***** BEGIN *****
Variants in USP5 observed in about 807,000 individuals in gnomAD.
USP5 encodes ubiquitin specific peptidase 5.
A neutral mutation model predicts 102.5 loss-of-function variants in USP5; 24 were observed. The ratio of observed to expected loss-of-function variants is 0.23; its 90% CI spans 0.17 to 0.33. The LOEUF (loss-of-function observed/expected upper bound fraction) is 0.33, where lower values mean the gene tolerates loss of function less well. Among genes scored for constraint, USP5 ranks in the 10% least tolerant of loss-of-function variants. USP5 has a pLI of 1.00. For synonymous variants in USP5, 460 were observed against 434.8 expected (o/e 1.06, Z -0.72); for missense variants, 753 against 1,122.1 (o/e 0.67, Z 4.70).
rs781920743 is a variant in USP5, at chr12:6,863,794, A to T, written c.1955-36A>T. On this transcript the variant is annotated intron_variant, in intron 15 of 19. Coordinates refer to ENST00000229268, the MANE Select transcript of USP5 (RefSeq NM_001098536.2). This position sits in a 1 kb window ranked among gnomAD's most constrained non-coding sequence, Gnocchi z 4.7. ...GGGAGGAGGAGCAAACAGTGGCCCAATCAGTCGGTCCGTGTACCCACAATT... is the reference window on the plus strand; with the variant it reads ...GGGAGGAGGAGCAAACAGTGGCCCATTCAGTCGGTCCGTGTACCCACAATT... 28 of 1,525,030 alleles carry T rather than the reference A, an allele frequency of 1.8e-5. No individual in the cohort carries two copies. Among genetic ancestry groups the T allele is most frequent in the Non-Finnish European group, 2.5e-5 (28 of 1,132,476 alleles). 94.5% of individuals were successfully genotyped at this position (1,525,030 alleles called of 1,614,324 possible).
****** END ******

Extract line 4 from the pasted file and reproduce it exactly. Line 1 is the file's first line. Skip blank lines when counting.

rs781920743 is a variant in USP5, at chr12:6,863,794, A to T, written c.1955-36A>T. On this transcript the variant is annotated intron_variant, in intron 15 of 19. Coordinates refer to ENST00000229268, the MANE Select transcript of USP5 (RefSeq NM_001098536.2). This position sits in a 1 kb window ranked among gnomAD's most constrained non-coding sequence, Gnocchi z 4.7. ...GGGAGGAGGAGCAAACAGTGGCCCAATCAGTCGGTCCGTGTACCCACAATT... is the reference window on the plus strand; with the variant it reads ...GGGAGGAGGAGCAAACAGTGGCCCATTCAGTCGGTCCGTGTACCCACAATT... 28 of 1,525,030 alleles carry T rather than the reference A, an allele frequency of 1.8e-5. No individual in the cohort carries two copies. Among genetic ancestry groups the T allele is most frequent in the Non-Finnish European group, 2.5e-5 (28 of 1,132,476 alleles). 94.5% of individuals were successfully genotyped at this position (1,525,030 alleles called of 1,614,324 possible).